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Cultivation:
The apricot is thought to have originated in northeastern China near the Russian border. In Armenia it was known from ancient times, and is native to Armenia. The Roman General Lucullus (106-57 B.C.) even exported some trees,- cherry, white heart cherry and apricot from Armenia to Europe. While English settlers brought the apricot to the English colonies in the New World, most of modern American production of apricots comes from the seedlings carried to the west coast by Spanish missionaries. Almost all U.S. production is inCalifornia, with some in Washington and Utah.. Turkey is one of the leading dried-apricot producers. In Armenia apricot is grown in Ararat Valley.

Apricots have been cultivated in Persia since antiquity & dried ones were an importantcommodity on Persian trade routes. Apricots remain an important fruit in modern-day Iran where they are known under the common name of Zard-ālū . Iran is the second biggest producer of Apricots.

Although often thought of as a “subtropical” fruit, the Apricot is in fact native to a region with cold winters. The tree is slightly more cold-hardy than the peach, toleratingwinter temperatures as cold as −30 °C or lower if healthy. The limiting factor in apricotculture is spring frosts: They tend to flower very early, around the time of the vernal equinox even in northern locations like the Great Lakes region, meaning spring frost often kills the flowers. The trees do need some winter cold (even if minimal) to bear and grow properly and do well in Mediterranean climate locations since spring frosts are less severe here but there is some cool winter weather to allow a proper dormancy. The dry climate of these areas is best for good fruit production. Hybridisation with the closely related Prunus sibirica (Siberian Apricot; hardy to −50°C but with less palatable fruit) offers options forbreeding more cold-tolerant plants.

Apricot cultivars are most often grafted on plum or peach rootstocks. A cutting of anexisting apricot plant provides the fruit characteristics such as flavor, size, etc., butthe rootstock provides the growth characteristics of the plant.Dried organic apricot, produced in Turkey. The colour is dark because it has not been treated with sulfur dioxide (E220).Many apricots are also cultivated in Australia, particularly South Australia where they are commonly grown in the region known as the Riverland and in a small town called Mypolonga in the Lower Murray region of the state. In states other than South Australia apricots are still grown, particularly in Tasmania and western Victoria and southwest New South Wales, but they are less common than in South Australia.

Apricots are also cultivated in Egypt and are among the common fruits well known there. The season in which apricot is present in the market in Egypt is very short. There is even an Egyptian proverb that says “Fel meshmesh” (English “in the apricot”) which is used to refer to something that will not happen because the apricot disappears from the market in Egypt so shortly after it has appeared. Egyptians usually dry apricot and sweeten it then use it to make a drink called “amar el deen”.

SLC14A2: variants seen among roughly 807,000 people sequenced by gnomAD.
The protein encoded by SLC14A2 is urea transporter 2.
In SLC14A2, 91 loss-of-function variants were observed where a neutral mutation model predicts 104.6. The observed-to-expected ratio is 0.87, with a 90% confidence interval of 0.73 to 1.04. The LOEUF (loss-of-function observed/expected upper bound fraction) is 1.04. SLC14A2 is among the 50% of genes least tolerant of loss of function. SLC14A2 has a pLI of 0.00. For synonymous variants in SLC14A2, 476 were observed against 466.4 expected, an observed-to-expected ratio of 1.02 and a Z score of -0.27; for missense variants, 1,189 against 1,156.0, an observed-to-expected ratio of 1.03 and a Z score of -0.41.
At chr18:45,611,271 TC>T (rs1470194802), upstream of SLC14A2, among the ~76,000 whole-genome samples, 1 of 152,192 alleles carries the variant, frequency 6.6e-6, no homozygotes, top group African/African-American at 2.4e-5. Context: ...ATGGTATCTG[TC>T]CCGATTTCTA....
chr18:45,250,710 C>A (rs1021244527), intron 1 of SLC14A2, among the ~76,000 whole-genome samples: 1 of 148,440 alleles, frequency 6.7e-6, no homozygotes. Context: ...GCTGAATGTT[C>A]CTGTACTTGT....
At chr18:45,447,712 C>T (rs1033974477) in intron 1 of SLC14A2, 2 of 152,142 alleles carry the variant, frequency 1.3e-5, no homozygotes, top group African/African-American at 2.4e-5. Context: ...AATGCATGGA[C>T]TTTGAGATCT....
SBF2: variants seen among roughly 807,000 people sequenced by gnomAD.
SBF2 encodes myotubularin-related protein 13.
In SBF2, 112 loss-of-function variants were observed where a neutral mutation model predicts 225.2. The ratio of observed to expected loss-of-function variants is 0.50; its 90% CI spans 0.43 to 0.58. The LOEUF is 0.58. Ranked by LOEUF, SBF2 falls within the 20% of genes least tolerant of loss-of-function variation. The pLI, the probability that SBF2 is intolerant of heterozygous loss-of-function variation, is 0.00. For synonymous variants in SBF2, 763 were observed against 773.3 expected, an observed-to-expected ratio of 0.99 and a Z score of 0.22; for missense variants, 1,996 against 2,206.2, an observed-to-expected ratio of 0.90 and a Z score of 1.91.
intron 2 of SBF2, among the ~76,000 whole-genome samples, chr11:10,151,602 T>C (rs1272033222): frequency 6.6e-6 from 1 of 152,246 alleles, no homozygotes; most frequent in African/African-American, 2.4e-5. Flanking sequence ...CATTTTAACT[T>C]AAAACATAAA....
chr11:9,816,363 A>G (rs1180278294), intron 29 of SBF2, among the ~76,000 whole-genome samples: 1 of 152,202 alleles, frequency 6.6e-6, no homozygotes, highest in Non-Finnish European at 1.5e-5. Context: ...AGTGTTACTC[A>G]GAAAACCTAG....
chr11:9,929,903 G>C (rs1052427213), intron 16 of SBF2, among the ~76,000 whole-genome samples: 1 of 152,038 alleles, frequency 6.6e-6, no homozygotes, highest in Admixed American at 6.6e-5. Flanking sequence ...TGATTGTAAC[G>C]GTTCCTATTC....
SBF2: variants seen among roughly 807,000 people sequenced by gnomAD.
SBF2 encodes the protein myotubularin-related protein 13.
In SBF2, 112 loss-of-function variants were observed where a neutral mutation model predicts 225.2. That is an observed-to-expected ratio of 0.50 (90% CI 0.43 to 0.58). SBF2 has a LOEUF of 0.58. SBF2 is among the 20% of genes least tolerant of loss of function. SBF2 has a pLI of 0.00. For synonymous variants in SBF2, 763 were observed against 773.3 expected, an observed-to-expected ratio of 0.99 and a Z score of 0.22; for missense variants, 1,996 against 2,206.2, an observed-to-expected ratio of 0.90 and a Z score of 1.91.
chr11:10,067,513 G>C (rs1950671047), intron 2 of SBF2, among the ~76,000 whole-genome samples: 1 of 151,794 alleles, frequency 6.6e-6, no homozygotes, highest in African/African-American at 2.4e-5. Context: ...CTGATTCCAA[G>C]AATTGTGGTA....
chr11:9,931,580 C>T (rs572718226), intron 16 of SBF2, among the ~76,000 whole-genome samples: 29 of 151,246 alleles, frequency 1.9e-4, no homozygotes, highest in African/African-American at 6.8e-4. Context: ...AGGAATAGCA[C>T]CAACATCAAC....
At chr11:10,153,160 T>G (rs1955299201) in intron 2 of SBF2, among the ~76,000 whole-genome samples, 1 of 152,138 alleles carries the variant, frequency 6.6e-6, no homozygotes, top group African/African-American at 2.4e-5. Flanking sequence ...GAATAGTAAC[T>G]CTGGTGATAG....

Constituents: Apricot kernels yield by expression 40 to 50 per cent. of a fixed oil,similar to that which occurs in the sweet almond and in the peach kernel, consisting chiefly of Olein, with a small proportion of the Glyceride of Linolic acid, and commonly sold as Peach Kernel oil (Ol. Amygdae Pers.). From the cake is distilled, by digestion with alcohol, an essential oil (0l. Amygdae Essent. Pers.) which contains a colourless, crystalline glucoside, Amygdalin, and is chemically identical with that of the bitter almond. The essential oil is used in confectionery and as a culinary flavouring.

Medicinal Action and Uses:

Apricot fruit is nutritious, cleansing, and mildly laxative. They are a valuable addition to the diet working gently to improve overall health.  A decoction of the astringent bark soothes inflamed and irritated skin.  Although the kernels contain highly toxic prussic acid, they are prescribed in small amounts in the Chinese tradition as a treatment for coughs, asthma, and wheezing, and for excessive mucus and constipation.  An extract from the kernels, laetrile, has been used in Western medicine as a highly controversial treatment for cancer.  The kernels also yield a fixed oil, similar to almond oil that is often used in the formulation of cosmetics.  Chinese trials show that apricot kernel paste helps combat vaginal infection. The flowers are tonic, promoting fecundity in women. The inner bark and/or the root are used for treating poisoning caused by eating bitter almond and apricot seeds (which contain hydrogen cyanide). Another report says that a decoction of the outer bark is used to neutralize the effects of hydrogen cyanide. The decoction is also used to soothe inflamed and irritated skin conditions. It is used in the treatment of asthma, coughs, acute or chronic bronchitis and constipation. The seed contains ‘laetrile’, a substance that has also been called vitamin B17. This has been claimed to have a positive effect in the treatment of cancer, but there does not at present seem to be much evidence to support this.

Apricot oil is used as a substitute for Oil of Almonds,which it very closely resembles. It is far less expensive and finds considerable employment in cosmetics, for its softening action on the skin. It is often fraudulently added to genuine
Almond oil and used in the manufacture of soaps, cold creams and other preparations of the perfumery trade.